Rape Case Puts Juvenile Sex Crimes in the Spotlight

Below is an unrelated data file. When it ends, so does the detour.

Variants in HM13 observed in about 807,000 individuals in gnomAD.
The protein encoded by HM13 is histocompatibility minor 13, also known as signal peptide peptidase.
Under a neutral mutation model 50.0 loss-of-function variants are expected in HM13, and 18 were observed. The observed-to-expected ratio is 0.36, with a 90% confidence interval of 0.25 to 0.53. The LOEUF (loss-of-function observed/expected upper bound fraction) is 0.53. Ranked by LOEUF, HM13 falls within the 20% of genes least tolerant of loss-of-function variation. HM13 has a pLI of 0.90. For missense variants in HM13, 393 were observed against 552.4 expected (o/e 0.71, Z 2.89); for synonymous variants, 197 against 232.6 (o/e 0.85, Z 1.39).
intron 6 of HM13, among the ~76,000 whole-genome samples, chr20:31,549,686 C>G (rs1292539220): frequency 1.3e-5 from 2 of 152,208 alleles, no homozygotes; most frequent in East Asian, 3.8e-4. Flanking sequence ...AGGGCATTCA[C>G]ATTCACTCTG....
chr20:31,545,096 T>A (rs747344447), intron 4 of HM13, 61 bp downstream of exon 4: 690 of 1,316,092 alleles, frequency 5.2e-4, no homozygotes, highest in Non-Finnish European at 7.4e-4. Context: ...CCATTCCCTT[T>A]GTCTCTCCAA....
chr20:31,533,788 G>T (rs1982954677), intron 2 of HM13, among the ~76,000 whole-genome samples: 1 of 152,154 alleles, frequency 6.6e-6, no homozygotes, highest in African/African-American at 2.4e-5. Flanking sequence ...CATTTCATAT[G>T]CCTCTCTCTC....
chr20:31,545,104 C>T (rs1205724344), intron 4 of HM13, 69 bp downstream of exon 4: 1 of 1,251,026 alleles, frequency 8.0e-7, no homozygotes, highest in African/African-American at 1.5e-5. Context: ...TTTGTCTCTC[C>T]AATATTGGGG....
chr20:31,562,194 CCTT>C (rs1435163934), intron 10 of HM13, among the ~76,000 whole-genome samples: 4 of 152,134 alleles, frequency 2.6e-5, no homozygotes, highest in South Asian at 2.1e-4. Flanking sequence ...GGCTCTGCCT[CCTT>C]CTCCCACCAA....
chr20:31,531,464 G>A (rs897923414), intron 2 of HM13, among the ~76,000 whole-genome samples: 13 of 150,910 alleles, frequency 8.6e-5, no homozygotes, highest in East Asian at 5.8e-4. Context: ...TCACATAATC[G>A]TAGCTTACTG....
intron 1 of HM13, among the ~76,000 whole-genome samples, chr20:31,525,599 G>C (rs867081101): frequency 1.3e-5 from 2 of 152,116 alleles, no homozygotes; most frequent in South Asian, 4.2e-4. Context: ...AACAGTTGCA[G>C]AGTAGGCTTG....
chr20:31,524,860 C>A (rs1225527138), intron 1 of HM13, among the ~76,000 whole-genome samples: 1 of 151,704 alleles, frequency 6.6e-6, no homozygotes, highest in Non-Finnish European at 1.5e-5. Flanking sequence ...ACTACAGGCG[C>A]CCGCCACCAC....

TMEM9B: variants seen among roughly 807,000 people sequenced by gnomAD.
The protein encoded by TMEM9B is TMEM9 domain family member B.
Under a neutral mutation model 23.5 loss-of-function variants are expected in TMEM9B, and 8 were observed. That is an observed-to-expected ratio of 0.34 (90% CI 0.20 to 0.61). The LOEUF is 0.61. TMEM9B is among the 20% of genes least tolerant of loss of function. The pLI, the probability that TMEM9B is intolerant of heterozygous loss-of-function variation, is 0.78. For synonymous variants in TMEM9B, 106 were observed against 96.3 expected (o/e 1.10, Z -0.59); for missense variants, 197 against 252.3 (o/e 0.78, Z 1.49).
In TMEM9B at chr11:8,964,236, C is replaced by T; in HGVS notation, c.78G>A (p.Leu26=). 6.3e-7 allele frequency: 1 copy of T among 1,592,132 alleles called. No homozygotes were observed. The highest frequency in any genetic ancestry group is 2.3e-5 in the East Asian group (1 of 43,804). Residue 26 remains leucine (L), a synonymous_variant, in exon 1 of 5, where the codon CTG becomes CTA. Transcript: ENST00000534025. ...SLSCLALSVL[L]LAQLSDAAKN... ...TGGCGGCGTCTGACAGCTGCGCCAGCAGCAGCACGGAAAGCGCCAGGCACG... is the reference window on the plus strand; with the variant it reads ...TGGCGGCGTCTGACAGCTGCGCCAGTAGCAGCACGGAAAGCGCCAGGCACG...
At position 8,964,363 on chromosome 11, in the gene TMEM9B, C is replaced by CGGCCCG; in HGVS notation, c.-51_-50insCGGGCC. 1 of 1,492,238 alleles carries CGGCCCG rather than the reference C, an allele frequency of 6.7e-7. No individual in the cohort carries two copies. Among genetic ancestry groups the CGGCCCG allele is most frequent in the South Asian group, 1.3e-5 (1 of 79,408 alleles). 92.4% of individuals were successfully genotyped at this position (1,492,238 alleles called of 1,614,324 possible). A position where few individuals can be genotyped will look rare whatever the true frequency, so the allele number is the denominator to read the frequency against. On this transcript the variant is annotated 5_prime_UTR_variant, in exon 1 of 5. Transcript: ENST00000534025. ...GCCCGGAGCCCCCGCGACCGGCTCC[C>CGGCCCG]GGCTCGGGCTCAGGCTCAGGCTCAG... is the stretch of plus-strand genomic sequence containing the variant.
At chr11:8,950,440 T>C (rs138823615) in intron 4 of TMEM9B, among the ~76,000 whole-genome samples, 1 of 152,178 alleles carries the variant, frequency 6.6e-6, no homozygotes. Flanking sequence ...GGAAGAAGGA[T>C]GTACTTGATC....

It was a case that ripped a town apart, a case which may have never existed without social media. Two teenage football players in Steubenville, Ohio, were charged with the rape of teen girl who was too intoxicated to consent or protest. The perpetrators may never have been caught, except that they boasted about their antics via text messaging while the sexual assault occurred and they posted pictures online.  The sheer callousness of committing a sexual assault in front of others and then posting photographic evidence was, for some, an indication that they were just boys being boys--that they didn't realize what they were doing was a crime. For others, their actions pointed to a sense of entitlement and a belief that they could get away with anything. The crime and ensuing trial made national headlines. The 16- and 17-year-old defendants were adjudicated delinquent--the juvenile equivalent of a guilty verdict. Trent Mays, 17, was sentenced to at least one year in a juvenile correctional facility for the digital penetration of the victim and an additional year for distribution of obscene images involving the intoxicated girl and her assault. Ma'lik Richardson, 16, was sentenced to at least one year in a juvenile jail. Both boys could be held until they are 21, and both are required to register for life as sex offenders. The sex crime defense lawyer for Richardson made headlines himself when he said he planned to appeal, saying that lifetime sex offender registration is too harsh a penalty for his 16-year-old client because the teen's brain is not fully developed: "I don't believe that a person at 75 years old should have to explain for something they did at 16 when scientific evidence would support your brain isn't fully developed ... when evidence in the case would suggest that you were under the influence." Though reporters and others were quick to mock the attorney's assertion, the fact is that his claim is backed by science. The frontal lobe of the brain--the region responsible for judgement, planning, risk assessment, and decision making--is the last area of the brain to develop fully. Researchers say the frontal lobe is not fully developed until an adult is in his 20's or even 30's. The scientific reasoning that a teenager's brain is not fully developed is the basis for the Supreme Court's abolition of the death penalty for juvenile offenders. The court ruled that "it would be misguided to equate the failings of a minor with those of an adult, for a greater possibility exists that a minor's character deficiencies will be reformed." Oklahoma is one of a handful of states that keeps a separate registry for juvenile sex offenders and adult sex offenders. Unlike the Oklahoma Sex Offender Registry for adults, which is offense-based, the juvenile sex offender registry is risk-based. Few juvenile sex offenders in Oklahoma are actually required to register, because the rate of recidivism is so low. A University of Oklahoma pediatrics professor and child sexual abuse expert says that the motivation behind juvenile sex crimes is generally very different than the motivation for adult sex crimes. Rather than being prompted by violence, control, and dominance, juvenile sex crimes are usually motivated by curiosity, lack of impulse control, and poor decision making. Impulsivity and decision-making, again, are two areas which are governed by the frontal lobe which is not yet fully developed in teen offenders. For more information on juvenile sex crimes or to find a sex crime defense lawyer in Oklahoma, visit our criminal defense website at Oklahoma-Criminal-Defense.com. Submit a confidential case review form to schedule a free consultation with one of Oklahoma's top defense attorneys.

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